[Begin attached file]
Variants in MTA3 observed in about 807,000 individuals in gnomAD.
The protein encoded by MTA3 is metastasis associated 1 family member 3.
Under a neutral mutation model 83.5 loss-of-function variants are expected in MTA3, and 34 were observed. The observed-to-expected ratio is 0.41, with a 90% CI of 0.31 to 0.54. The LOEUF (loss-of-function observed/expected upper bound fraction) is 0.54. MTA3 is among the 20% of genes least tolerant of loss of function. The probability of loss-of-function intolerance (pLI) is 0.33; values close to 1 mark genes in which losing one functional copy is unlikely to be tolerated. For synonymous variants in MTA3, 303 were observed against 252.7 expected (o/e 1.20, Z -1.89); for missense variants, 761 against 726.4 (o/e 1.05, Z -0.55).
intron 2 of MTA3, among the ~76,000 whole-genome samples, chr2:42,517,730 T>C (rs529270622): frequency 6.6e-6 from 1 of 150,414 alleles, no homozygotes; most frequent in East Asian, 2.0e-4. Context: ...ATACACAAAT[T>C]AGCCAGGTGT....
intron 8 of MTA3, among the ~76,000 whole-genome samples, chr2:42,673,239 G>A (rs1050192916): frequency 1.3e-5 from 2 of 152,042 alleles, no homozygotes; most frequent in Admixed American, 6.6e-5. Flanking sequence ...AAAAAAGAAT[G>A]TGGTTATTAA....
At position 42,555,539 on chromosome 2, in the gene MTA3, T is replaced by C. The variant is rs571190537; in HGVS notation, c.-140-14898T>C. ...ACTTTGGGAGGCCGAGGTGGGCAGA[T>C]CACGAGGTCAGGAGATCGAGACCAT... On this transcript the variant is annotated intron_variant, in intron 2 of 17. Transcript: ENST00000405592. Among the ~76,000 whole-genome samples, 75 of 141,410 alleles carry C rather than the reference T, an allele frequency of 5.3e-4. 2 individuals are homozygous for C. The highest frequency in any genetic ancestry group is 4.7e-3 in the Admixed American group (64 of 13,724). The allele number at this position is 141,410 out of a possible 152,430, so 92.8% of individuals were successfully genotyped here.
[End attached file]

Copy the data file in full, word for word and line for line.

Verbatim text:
Variants in MTA3 observed in about 807,000 individuals in gnomAD.
The protein encoded by MTA3 is metastasis associated 1 family member 3.
Under a neutral mutation model 83.5 loss-of-function variants are expected in MTA3, and 34 were observed. The observed-to-expected ratio is 0.41, with a 90% CI of 0.31 to 0.54. The LOEUF (loss-of-function observed/expected upper bound fraction) is 0.54. MTA3 is among the 20% of genes least tolerant of loss of function. The probability of loss-of-function intolerance (pLI) is 0.33; values close to 1 mark genes in which losing one functional copy is unlikely to be tolerated. For synonymous variants in MTA3, 303 were observed against 252.7 expected (o/e 1.20, Z -1.89); for missense variants, 761 against 726.4 (o/e 1.05, Z -0.55).
intron 2 of MTA3, among the ~76,000 whole-genome samples, chr2:42,517,730 T>C (rs529270622): frequency 6.6e-6 from 1 of 150,414 alleles, no homozygotes; most frequent in East Asian, 2.0e-4. Context: ...ATACACAAAT[T>C]AGCCAGGTGT....
intron 8 of MTA3, among the ~76,000 whole-genome samples, chr2:42,673,239 G>A (rs1050192916): frequency 1.3e-5 from 2 of 152,042 alleles, no homozygotes; most frequent in Admixed American, 6.6e-5. Flanking sequence ...AAAAAAGAAT[G>A]TGGTTATTAA....
At position 42,555,539 on chromosome 2, in the gene MTA3, T is replaced by C. The variant is rs571190537; in HGVS notation, c.-140-14898T>C. ...ACTTTGGGAGGCCGAGGTGGGCAGA[T>C]CACGAGGTCAGGAGATCGAGACCAT... On this transcript the variant is annotated intron_variant, in intron 2 of 17. Transcript: ENST00000405592. Among the ~76,000 whole-genome samples, 75 of 141,410 alleles carry C rather than the reference T, an allele frequency of 5.3e-4. 2 individuals are homozygous for C. The highest frequency in any genetic ancestry group is 4.7e-3 in the Admixed American group (64 of 13,724). The allele number at this position is 141,410 out of a possible 152,430, so 92.8% of individuals were successfully genotyped here.